After successfully launching two commercial satellites Wednesday morning, SpaceX’s Falcon 9 rocket was lost before it could attempt to land on a drone ship in the Atlantic Ocean.
“It appears as though we lost a vehicle,” said SpaceX engineer Kate Tice on the company’s live webcast of the Wednesday mission.
The Falcon 9 rocket launched at 10:29 a.m. EST from Cape Canaveral Air Force Station in Florida.
As part of the mission, SpaceX was hoping to land the rocket’s first-stage booster on a drone ship.
The first stage appeared to make it back to a SpaceX landing ship, but company founder Elon Musk tweeted the “booster rocket had a RUD [rapid unscheduled disassembly] on droneship.” In other words, the booster crashed.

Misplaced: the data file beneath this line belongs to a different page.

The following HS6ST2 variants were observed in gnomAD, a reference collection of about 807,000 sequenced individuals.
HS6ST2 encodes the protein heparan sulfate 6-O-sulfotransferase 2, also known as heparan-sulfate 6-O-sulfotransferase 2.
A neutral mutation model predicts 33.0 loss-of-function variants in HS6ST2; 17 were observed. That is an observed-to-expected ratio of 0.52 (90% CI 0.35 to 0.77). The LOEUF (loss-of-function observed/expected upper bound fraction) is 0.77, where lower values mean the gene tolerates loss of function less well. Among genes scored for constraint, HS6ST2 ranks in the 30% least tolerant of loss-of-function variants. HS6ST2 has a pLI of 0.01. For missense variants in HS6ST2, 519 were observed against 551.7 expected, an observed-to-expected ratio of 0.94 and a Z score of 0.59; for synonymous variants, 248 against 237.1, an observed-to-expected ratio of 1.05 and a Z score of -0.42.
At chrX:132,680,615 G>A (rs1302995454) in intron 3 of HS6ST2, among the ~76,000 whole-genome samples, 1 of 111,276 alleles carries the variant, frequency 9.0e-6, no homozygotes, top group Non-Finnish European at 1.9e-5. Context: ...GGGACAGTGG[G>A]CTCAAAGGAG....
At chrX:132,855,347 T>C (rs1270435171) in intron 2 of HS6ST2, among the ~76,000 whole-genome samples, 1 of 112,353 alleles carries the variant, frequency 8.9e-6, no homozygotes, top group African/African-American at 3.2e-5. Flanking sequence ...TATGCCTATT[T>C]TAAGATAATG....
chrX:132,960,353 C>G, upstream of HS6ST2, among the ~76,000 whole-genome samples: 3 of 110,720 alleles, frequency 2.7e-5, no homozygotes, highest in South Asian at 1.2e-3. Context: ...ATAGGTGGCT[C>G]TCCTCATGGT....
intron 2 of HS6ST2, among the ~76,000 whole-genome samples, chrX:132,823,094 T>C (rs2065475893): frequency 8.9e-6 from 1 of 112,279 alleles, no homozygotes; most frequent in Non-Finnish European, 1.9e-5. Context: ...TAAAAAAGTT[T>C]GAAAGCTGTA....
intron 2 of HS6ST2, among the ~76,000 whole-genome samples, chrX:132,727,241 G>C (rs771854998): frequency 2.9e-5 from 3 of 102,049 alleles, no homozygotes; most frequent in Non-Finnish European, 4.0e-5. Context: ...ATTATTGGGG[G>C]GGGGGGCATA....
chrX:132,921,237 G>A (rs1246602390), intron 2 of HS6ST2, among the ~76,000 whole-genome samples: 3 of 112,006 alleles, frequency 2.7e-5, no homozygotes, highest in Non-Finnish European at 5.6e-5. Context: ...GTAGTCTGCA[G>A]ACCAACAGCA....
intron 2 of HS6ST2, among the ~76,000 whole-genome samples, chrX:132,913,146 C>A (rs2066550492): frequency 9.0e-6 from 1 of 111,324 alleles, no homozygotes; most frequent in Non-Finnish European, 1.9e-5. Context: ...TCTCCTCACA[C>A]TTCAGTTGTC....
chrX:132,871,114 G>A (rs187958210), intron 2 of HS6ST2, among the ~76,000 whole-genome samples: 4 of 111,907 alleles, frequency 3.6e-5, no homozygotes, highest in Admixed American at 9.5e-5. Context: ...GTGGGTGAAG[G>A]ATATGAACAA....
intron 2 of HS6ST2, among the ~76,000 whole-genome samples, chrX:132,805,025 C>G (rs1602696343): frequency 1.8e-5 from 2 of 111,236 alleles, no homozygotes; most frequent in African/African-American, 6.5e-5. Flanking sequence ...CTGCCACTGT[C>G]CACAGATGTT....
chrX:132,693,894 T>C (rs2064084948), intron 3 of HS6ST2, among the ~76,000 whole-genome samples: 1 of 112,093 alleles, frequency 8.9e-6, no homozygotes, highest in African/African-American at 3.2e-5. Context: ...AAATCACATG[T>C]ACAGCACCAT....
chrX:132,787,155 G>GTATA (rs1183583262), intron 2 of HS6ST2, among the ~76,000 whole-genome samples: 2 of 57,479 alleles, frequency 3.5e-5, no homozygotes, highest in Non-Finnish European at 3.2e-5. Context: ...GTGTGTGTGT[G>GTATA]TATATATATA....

He later tweeted: “Looks like thrust was low on 1 of 3 landing engines,” Musk said. “High g landings very sensitive to all engines operating at max.” He added, “Upgrades underway to enable rocket to compensate for a thrust shortfall on one of the three landing engines. Probably get there end of year.”
It was the California rocket company’s fifth unsuccessful drone-ship landing after three straight successes, one in April and two in May.
“Landing video will be posted when we gain access to cameras on the droneship later today,” Musk tweeted. “Maybe hardest impact to date. Droneship still ok.”
The satellites: Eutelsat 117 West B, will provide video for telecommunications and government services to Mexico, Central America, the Caribbean and South America. ABS-2A, will provide video and other services to the regions of South Asia, Southeast Asia, Russia, sub-Saharan Africa, the Middle East and North Africa.